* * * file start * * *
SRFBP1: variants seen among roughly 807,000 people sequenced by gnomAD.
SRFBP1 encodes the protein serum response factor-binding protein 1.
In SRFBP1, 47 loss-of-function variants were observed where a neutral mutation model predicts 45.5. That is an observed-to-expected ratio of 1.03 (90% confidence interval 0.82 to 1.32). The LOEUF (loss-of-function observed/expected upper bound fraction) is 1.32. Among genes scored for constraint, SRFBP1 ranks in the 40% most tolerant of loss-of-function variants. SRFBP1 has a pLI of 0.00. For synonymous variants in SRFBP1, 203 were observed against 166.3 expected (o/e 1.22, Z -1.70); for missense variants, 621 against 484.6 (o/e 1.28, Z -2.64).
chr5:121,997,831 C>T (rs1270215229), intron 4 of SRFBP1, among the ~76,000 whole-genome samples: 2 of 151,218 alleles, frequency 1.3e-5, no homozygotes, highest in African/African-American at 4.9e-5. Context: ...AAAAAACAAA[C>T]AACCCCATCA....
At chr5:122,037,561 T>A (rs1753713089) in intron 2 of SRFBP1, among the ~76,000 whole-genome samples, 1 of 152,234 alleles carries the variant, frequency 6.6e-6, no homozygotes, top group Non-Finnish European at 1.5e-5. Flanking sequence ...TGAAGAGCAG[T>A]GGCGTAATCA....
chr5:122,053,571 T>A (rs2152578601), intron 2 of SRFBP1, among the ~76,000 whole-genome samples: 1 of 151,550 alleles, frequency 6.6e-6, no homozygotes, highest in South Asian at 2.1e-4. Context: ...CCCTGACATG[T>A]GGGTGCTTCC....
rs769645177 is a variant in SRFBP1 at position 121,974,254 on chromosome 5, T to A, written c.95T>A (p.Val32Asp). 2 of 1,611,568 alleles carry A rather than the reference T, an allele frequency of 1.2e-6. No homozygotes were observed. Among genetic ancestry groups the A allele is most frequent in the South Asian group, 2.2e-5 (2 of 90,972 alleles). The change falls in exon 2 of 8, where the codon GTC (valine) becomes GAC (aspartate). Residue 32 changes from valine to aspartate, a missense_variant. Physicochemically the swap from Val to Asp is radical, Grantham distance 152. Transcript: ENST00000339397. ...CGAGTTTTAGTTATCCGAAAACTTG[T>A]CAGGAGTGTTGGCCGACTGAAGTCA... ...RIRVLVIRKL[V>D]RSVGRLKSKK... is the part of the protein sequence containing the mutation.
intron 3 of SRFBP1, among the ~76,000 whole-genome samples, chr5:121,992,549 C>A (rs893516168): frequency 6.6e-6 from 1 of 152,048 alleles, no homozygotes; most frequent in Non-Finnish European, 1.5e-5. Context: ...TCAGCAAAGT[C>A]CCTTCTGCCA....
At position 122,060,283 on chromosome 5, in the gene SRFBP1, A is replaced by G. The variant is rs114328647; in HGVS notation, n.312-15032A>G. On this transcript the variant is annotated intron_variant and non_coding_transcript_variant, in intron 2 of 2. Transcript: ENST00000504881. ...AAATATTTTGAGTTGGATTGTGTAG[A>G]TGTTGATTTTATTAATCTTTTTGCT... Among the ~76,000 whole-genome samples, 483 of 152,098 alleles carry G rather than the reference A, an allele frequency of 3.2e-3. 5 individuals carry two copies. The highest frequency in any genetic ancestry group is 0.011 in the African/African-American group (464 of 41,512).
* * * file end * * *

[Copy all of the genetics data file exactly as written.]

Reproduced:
SRFBP1: variants seen among roughly 807,000 people sequenced by gnomAD.
SRFBP1 encodes the protein serum response factor-binding protein 1.
In SRFBP1, 47 loss-of-function variants were observed where a neutral mutation model predicts 45.5. That is an observed-to-expected ratio of 1.03 (90% confidence interval 0.82 to 1.32). The LOEUF (loss-of-function observed/expected upper bound fraction) is 1.32. Among genes scored for constraint, SRFBP1 ranks in the 40% most tolerant of loss-of-function variants. SRFBP1 has a pLI of 0.00. For synonymous variants in SRFBP1, 203 were observed against 166.3 expected (o/e 1.22, Z -1.70); for missense variants, 621 against 484.6 (o/e 1.28, Z -2.64).
chr5:121,997,831 C>T (rs1270215229), intron 4 of SRFBP1, among the ~76,000 whole-genome samples: 2 of 151,218 alleles, frequency 1.3e-5, no homozygotes, highest in African/African-American at 4.9e-5. Context: ...AAAAAACAAA[C>T]AACCCCATCA....
At chr5:122,037,561 T>A (rs1753713089) in intron 2 of SRFBP1, among the ~76,000 whole-genome samples, 1 of 152,234 alleles carries the variant, frequency 6.6e-6, no homozygotes, top group Non-Finnish European at 1.5e-5. Flanking sequence ...TGAAGAGCAG[T>A]GGCGTAATCA....
chr5:122,053,571 T>A (rs2152578601), intron 2 of SRFBP1, among the ~76,000 whole-genome samples: 1 of 151,550 alleles, frequency 6.6e-6, no homozygotes, highest in South Asian at 2.1e-4. Context: ...CCCTGACATG[T>A]GGGTGCTTCC....
rs769645177 is a variant in SRFBP1 at position 121,974,254 on chromosome 5, T to A, written c.95T>A (p.Val32Asp). 2 of 1,611,568 alleles carry A rather than the reference T, an allele frequency of 1.2e-6. No homozygotes were observed. Among genetic ancestry groups the A allele is most frequent in the South Asian group, 2.2e-5 (2 of 90,972 alleles). The change falls in exon 2 of 8, where the codon GTC (valine) becomes GAC (aspartate). Residue 32 changes from valine to aspartate, a missense_variant. Physicochemically the swap from Val to Asp is radical, Grantham distance 152. Transcript: ENST00000339397. ...CGAGTTTTAGTTATCCGAAAACTTG[T>A]CAGGAGTGTTGGCCGACTGAAGTCA... ...RIRVLVIRKL[V>D]RSVGRLKSKK... is the part of the protein sequence containing the mutation.
intron 3 of SRFBP1, among the ~76,000 whole-genome samples, chr5:121,992,549 C>A (rs893516168): frequency 6.6e-6 from 1 of 152,048 alleles, no homozygotes; most frequent in Non-Finnish European, 1.5e-5. Context: ...TCAGCAAAGT[C>A]CCTTCTGCCA....
At position 122,060,283 on chromosome 5, in the gene SRFBP1, A is replaced by G. The variant is rs114328647; in HGVS notation, n.312-15032A>G. On this transcript the variant is annotated intron_variant and non_coding_transcript_variant, in intron 2 of 2. Transcript: ENST00000504881. ...AAATATTTTGAGTTGGATTGTGTAG[A>G]TGTTGATTTTATTAATCTTTTTGCT... Among the ~76,000 whole-genome samples, 483 of 152,098 alleles carry G rather than the reference A, an allele frequency of 3.2e-3. 5 individuals carry two copies. The highest frequency in any genetic ancestry group is 0.011 in the African/African-American group (464 of 41,512).